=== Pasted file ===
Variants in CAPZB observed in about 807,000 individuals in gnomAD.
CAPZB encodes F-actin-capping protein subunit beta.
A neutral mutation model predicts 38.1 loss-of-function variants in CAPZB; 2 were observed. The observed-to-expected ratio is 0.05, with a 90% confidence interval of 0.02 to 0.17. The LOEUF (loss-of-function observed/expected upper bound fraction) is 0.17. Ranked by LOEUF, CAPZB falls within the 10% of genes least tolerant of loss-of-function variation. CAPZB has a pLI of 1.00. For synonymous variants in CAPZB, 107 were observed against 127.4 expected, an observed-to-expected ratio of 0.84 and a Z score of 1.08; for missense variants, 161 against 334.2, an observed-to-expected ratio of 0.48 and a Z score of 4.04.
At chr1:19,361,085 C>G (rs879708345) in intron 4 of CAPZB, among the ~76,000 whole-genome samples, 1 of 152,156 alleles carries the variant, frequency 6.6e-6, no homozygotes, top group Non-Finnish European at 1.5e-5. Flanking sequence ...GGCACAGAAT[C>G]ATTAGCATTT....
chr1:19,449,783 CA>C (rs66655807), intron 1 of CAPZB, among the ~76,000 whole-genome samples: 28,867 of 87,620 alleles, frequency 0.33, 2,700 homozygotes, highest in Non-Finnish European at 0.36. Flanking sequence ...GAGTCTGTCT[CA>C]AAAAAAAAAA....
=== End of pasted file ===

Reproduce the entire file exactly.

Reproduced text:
Variants in CAPZB observed in about 807,000 individuals in gnomAD.
CAPZB encodes F-actin-capping protein subunit beta.
A neutral mutation model predicts 38.1 loss-of-function variants in CAPZB; 2 were observed. The observed-to-expected ratio is 0.05, with a 90% confidence interval of 0.02 to 0.17. The LOEUF (loss-of-function observed/expected upper bound fraction) is 0.17. Ranked by LOEUF, CAPZB falls within the 10% of genes least tolerant of loss-of-function variation. CAPZB has a pLI of 1.00. For synonymous variants in CAPZB, 107 were observed against 127.4 expected, an observed-to-expected ratio of 0.84 and a Z score of 1.08; for missense variants, 161 against 334.2, an observed-to-expected ratio of 0.48 and a Z score of 4.04.
At chr1:19,361,085 C>G (rs879708345) in intron 4 of CAPZB, among the ~76,000 whole-genome samples, 1 of 152,156 alleles carries the variant, frequency 6.6e-6, no homozygotes, top group Non-Finnish European at 1.5e-5. Flanking sequence ...GGCACAGAAT[C>G]ATTAGCATTT....
chr1:19,449,783 CA>C (rs66655807), intron 1 of CAPZB, among the ~76,000 whole-genome samples: 28,867 of 87,620 alleles, frequency 0.33, 2,700 homozygotes, highest in Non-Finnish European at 0.36. Flanking sequence ...GAGTCTGTCT[CA>C]AAAAAAAAAA....